Making Portrait Photography Easy
Have you recently joined the ranks of the professional photography industry? Have you got a wedding, family portrait or fashion job coming up? Perhaps you're an enthusiast striving to make better portraits of your family and friends. You may have gone down the fill flash road and found it to be too expensive and/or too difficult. Don't worry, I have the solution right here.
Beware of Bright Midday Sun
You've probably been out and about on a bright sunny day making photos. (And that's were it suddenly began to go wrong, your honor). You may even have been lulled into a false sense of security by the subject of your photos, themselves swept up in the positive vibes associated with just such a day. Likely the results were average, to say the least.
You just can't make great portraits under bright outdoor light without converting the light back to something more like a winter's day. If you don't you'll find your subject will be adversely affected in one or more of the following ways
- Eyes closed due to the intense brightness of the sun
- Dark eye sockets as a consequence of bright overhead sun
- Burned out highlights on forehead, cheeks and nose
Placing your subject with their back to the sun will allow them to open their eyes, but it won't be much good because, without the use of fill flash or a reflector, they'll photograph as a silhouette.
The trick is to scatter the light so as to make it a larger, more diffuse light source. By doing so you'll produce a softer, more flattering quality of light that will illuminate the subject more evenly and allow them to open their eyes and engage with the camera and, by extension, the viewer.
Open Shade is Your Friend
The easiest way to control the light is to move the subject so that they are in the shade. And I don't mean deep into the Amazon jungle. I mean into open shade which you'll find by moving the subject a few steps back from the demarcation line between sunlit and shaded grass, path, road, etc.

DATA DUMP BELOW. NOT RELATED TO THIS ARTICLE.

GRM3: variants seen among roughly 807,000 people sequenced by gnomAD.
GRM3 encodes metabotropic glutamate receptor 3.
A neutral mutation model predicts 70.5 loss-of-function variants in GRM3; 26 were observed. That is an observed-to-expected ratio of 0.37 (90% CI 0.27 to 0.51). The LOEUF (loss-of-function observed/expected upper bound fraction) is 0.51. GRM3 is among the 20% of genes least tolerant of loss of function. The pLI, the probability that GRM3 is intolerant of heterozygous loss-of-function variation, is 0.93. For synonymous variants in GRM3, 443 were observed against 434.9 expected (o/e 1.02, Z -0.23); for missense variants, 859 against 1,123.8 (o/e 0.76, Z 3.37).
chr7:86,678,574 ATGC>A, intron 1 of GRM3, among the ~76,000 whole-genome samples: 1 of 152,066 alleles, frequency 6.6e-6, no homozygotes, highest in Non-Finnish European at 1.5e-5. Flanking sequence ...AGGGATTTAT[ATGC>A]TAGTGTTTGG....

The amazing thing amount this is that, as you're just out of direct sun, enough light gets in so that your subject will appear to be illuminated by a lovely, soft light. Their skin will begin to glow.
I've been using this very technique for around 30 years and it underpins the vast majority of my portrait photography. Of course there are always a few caveats including the following:
- To place extra emphasis on your subject, and help prevent underexposure, make sure that your background is darker than your subject's face (and I mean all of the background)
- As a result the background (e.g., Eiffel Tower) may not feature as prominently, if at all, in your new composition
To achieve the desired color try setting your camera's white balance to Cloudy so as to cancel out the bluish colored light, reflecting from the blue sky above, commonly found in shadows. This works for around 90% of the outdoor photos I make. Very occasionally I'II use Sunny/Daylight/Direct Daylight (it's called different things in different cameras) if the resulting white balance is too warm or Shade in it's still too blue. But again, around 90% of the time Cloudy is the white balance setting I employ when photographing outdoors.
The above photo was made on a very bright sunny day on the back steps of the Shrine of Remembrance in Melbourne, Australia. Because our lovely young model, Jessica, is out of the sun she can open her eyes. A more engaging portrait ensues, without the creation of wrinkles caused by squinting. As I'm well used to identifying color casts it was clear to me that, on that particular day, the light in the shade was a heavy aqua/blue color. A cloudy white balance saved the day.
Most digital cameras, from my experience, render Caucasian skin too pink. What's more most skin types tend to photograph too orange for my liking. I use a variety of simply techniques in Adobe Lightroom to reduce these problems and, thereby, produce more natural looking skin tone. There are also some options folks photographing in JPEG mode can use in camera that will help in this regard.
A Call to Action
If you're interested in learning how to make great portrait photographs you can book me for a one-on-one photography class. It can be a totally hands-on practical session, supported by appropriate notes, if that suits you best. Many folks follow up with a one-on-one Lightroom session so as to improve their photography even further.